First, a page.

The Daigou Effect: How Brands can Break Down Chinese Borders and Drive Growth
Australian brands have the opportunity to tap into the wants and needs of the massive China population through a growing export and e-commerce ecosystem – Daigou.
Research by Nielsen and China Road reveals myriad opportunities for Australian brands to engage in the growing trend of Diagou – a person who facilitates the buying and selling of international products on behalf of a customer in mainland China.
There is an estimated 100,000 – 200,000 Daigous operating in Australia, turning over approximately $100 billion annually across the retail sector. Now with close to 2 million Chinese tourists visiting Australia and New Zealand every year, Daigous open up new channels and new ways for brands to continue engaging with Chinese consumers after they return home.
Consumers from China have an increased demand for high quality and genuine branded products, with consumers paying up to a 100% premium on a product if there is an underlying assurance and a trusted person sourcing and delivering the product.
The majority of the rising middle class in China is also willing to spend more on products that have a perceived higher quality. Health-related products such as vitamins and beauty products are the most popular and in high demand, as are fresh food like dairy, beef and seafood.
The Daigou industry is built on trust, with consumers in China placing trust in their networks in Australia and New Zealand to source authentic, quality and safe products. Daigous can play an incredibly important role in introducing brands and in building brand confidence in the Chinese market. Companies in the Pacific that have been successful in China have embraced the Daigou and worked with them to build a sustainable business in China.
For Chinese consumers, word-of-mouth marketing is by far the most powerful form of advertising. A Daigou based in Australia can have anything from 100 to 100,000 personal contacts in their network, enabling a personal recommendation of a brand or product to an incredibly wide network in China with instant results.
The use of WeChat allows for direct payment, allowing the Daigou to have regular and instant conversations with their customer base, as well as providing an instant and automated purchasing and logistics process. For example, a Chinese consumer can now sit at home and directly bid and order live lobster in Australia via a webcam on a boat.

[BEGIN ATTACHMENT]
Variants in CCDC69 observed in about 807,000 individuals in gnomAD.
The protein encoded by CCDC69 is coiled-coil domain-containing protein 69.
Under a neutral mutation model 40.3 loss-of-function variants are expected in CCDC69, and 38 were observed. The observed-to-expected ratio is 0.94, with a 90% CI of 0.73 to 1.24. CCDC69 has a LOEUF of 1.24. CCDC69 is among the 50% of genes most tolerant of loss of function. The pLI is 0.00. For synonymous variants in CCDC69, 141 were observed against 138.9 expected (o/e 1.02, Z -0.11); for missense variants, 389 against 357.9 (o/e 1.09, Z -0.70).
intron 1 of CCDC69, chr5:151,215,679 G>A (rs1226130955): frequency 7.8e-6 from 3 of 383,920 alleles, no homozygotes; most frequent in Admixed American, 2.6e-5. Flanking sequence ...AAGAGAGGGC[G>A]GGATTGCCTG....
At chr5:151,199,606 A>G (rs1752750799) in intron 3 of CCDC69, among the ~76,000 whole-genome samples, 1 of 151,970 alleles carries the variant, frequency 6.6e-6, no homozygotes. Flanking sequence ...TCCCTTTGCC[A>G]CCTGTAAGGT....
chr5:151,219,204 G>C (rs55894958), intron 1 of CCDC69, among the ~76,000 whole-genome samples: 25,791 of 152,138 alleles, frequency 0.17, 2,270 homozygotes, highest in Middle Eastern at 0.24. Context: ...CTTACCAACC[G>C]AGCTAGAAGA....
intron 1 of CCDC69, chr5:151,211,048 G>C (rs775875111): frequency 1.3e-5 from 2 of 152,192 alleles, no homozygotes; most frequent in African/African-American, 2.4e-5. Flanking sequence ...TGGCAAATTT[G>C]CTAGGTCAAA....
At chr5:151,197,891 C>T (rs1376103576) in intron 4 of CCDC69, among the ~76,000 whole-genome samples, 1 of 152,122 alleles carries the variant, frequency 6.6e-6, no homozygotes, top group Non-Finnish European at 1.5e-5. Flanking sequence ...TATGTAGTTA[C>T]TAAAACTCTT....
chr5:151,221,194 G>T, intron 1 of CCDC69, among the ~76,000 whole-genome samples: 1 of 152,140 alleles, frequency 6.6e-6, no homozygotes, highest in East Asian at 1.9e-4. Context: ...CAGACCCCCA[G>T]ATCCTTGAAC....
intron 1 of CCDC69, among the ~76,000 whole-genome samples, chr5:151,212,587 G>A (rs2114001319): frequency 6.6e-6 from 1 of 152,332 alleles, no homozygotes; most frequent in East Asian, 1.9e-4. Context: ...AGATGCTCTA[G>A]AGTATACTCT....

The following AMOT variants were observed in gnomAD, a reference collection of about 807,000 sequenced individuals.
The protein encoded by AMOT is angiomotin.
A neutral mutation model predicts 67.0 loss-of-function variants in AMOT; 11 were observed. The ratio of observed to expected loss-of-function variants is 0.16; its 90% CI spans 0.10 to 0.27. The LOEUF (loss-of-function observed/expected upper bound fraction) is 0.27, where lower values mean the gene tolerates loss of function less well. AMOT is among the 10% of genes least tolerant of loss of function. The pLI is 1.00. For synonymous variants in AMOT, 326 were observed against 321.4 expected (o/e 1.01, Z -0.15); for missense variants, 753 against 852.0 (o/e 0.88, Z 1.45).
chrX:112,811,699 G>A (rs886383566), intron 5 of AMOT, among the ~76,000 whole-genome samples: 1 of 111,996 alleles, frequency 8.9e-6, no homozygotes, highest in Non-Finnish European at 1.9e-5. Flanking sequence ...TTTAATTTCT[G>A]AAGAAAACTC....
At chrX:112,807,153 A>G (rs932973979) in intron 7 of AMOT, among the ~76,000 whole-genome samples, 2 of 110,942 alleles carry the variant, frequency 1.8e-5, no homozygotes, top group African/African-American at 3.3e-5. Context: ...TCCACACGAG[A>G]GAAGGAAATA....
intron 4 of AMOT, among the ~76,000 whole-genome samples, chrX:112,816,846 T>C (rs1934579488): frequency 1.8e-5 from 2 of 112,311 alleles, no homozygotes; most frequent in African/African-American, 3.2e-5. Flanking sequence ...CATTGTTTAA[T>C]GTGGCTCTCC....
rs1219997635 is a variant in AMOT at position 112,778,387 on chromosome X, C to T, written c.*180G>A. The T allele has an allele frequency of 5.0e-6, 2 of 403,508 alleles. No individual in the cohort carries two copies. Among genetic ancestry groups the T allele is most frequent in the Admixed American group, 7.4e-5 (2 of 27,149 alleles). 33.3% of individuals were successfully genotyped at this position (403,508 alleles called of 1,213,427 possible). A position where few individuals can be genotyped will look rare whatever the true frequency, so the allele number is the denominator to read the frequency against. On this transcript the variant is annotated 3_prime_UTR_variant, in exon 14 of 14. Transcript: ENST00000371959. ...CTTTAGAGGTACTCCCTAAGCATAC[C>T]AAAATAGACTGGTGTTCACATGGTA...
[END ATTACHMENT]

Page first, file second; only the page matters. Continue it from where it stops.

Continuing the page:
New technologies has allowed for new logistics channels to export products. China Road, a full service solution for premium brands entering China, is just one company providing Daigous with the ability to export products directly to the buyer’s front door.
There is minimal risk and little investment from brands to invest in a Daigou and the level of knowledge the Daigou needs to know about the brand they are selling is minimal. However to maximise the Daigou opportunity for you brand, a business model is required.
Phase 1: Seed the brand into the market through the Daigou, giving you maximum flexibility and cost-effectiveness
Phase 2: When you reach a certain scale and have built enough brand equity, transition into a focused e-commerce platform
Phase 3: Create a ‘retail experience’ through concept stores that allow consumers to experience your product
In addition, brands need to consider new ways to engage the consumer, both locally and abroad, and be prepared to rethink and pivot based on what’s happening in the market.
Daigous can help companies grasp a better understanding of Chinese consumers’ nuances and needs, and the world is slowly realising this with Daigous now existing in NZ, Italy, Korea and the United States.
Source: Nielsen and China Road Daigou White Paper | September 2017
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ABOUT THE NIELSEN AND CHINA ROAD DAIGOU REPORT
To better understand the Daigou opportunity and ecosystem, Nielsen and China Road (a full service solution for premium brands entering China) invited a core group of Australia’s Daigous for a dinner in Sydney. The goal of bringing together this group was to develop a point of view on the potential opportunity and watch-outs for Australian brands, and to glean a better understanding of how the Daigou ecosystem and logistics actually works.
This paper reflects some of the key learnings and fascinating insights that were shared in this discussion. It also provides guidelines on how brands can best leverage this new way of doing business – should they wish to be agile and open to playing the game according to some new rules.